Tagged: vitamin

Why You Need Vitamin C: A Guide to the Most Well Known Vitamin

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Hello The Weekly Paper readers! Thank you all for making last week’s post the most successful ever. This blog is finally gaining some serious traction and I want you all to know I truly appreciate the support.

This week’s question comes from my dad, who asks “Can you explain to me why we need vitamin C? Why do they say you need it when you’re sick?”

Vitamin C is known officially as L-ascorbic acid. This molecule is a dietary requirement and a chronic deficiency of vitamin C produces the famous disease “scurvy.” Principally, vitamin C has two main functions: enzyme co-factor and antioxidant.

In the body, vitamin C is used mostly as a co-factor in certain enzymes. A co-factor is a separate, non-protein component of an enzyme that is required for its function. Specifically, vitamin C acts as a reducing agent, which is a refers to its ability to reduce, or donate electrons, to other compounds and thus become oxidized (lose electrons) in the process. Within the realm of enzymes which utilize vitamin C, it acts as the electron donator (reducing agent) that returns the metal ions, which actually do the catalytic enzyme reactions, back to their proper reduced state. If the metal ions are allowed to be permanently oxidized, the enzyme then becomes useless and the reaction for which it is responsible no longer occurs. Put a much simpler way, oxidized = rusted, so the vitamin C prevents the metal ions from becoming rusted over and losing function.

So now that we understand that vitamin C allows metal ions in certain enzymes to function normally, let’s explore what enzymes actually use this mechanism. Primarily, vitamin C is used by enzymes involved in collagen, carnitine, norepinephrine, dopamine, and peptide hormone creation, as well as participating in tyrosine metabolism. As you might imagine, this is a fairly diverse group of enzymes; we still don’t fully understand the extent of vitamin C’s value across all relevant enzymes nor all of the mechanisms involved for each enzyme.

Of particular note, vitamin C plays an essential role in collagen formation. Without it, you cannot properly heal wounds and connective tissues can become seriously weakened. For example, the initial symptoms of scurvy largely stem from reduced collagen synthesis capacity. These include bleeding (due to compromised blood vessels), gum disease, poor wound healing, and bone issues, among others. As such, anyone having surgery should discuss with their surgeon the need to take vitamin C supplements before and after the procedure.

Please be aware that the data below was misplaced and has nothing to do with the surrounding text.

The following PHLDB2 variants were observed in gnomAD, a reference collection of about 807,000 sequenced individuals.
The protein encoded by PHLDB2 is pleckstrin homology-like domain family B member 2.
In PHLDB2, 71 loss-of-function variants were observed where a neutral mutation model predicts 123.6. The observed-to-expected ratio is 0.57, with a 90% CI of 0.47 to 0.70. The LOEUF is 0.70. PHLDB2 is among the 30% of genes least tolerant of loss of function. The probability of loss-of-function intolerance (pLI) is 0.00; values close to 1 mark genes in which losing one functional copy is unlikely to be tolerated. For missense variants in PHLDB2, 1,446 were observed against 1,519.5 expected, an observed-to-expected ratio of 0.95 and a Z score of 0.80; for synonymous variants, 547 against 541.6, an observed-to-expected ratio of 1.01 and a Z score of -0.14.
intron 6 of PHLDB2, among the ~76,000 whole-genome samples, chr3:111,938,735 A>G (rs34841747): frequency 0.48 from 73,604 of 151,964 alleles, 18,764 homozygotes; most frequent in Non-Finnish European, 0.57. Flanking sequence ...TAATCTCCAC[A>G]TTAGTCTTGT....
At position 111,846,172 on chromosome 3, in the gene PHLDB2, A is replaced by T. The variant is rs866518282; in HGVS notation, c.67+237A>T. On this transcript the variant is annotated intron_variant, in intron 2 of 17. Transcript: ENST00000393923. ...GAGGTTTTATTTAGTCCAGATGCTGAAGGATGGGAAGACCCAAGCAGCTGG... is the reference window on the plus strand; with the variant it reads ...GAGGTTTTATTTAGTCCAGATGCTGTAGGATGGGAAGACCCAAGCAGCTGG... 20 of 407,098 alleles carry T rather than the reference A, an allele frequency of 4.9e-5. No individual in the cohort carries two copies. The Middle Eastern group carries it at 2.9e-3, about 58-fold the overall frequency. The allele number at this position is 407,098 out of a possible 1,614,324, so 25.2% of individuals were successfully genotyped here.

Vitamin C also has activity as an antioxidant, using its role as an easy donator of electrons to neutralize free radical (single electron) species on its own. Sadly, no one has comprehensively studied what impact this has on human health. But, it remains that vitamin C can act as an antioxidant and, as you are probably aware, reducing oxidative damage is a very important element of maintaining many aspects of our health.

Insofar as the immune system/treatment of disease is concerned, vitamin C’s role is much less clear cut. Clearly, its biological role is diverse and thus it could have a much greater role than we currently know. However, as of now what has been seen in the lab is extremely diverse and difficult to translate into clinical practice. Studies have shown vitamin C to reduce virus activity, suppress tumors, and regulate the immune system during infection (by influencing interleukin activity). But clearly, plenty of people take vitamin C regularly and still get sick. So it is hard to say, as of now, whether or not supplementing vitamin C for this purpose is really helpful to the immune system or is just merely a complement to an otherwise normal body response in healthy individuals.

The bottom line is, no matter what get your daily vitamin C by any means necessary. You can supplement, but even better you should get it from healthy foods that contain many other great nutrients such as broccoli, peppers, and kale. You’ll be happy you did.

Thank you for the question, dad! As always, if you have a question you’d like answered here, feel free to submit to directly at the link above.

Till next time, one love.

Justin

Sources:

http://www-ncbi-nlm-nih-gov.libproxy.usc.edu/pubmed/9350472

http://www-ncbi-nlm-nih-gov.libproxy.usc.edu/pubmed/914459

http://www.sciencedirect.com.libproxy.usc.edu/science/article/pii/S0022030293776171

http://jnci.oxfordjournals.org.libproxy.usc.edu/content/83/8/547.short

http://www.sciencedirect.com.libproxy.usc.edu/science/article/pii/S0165242798001202

http://ajcn.nutrition.org.libproxy.usc.edu/content/33/1/71.short

http://link.springer.com.libproxy.usc.edu/chapter/10.1007/978-1-4615-9200-6_1

http://www.nlm.nih.gov/medlineplus/ency/article/000355.htm

http://www.healthaliciousness.com/articles/vitamin-C.php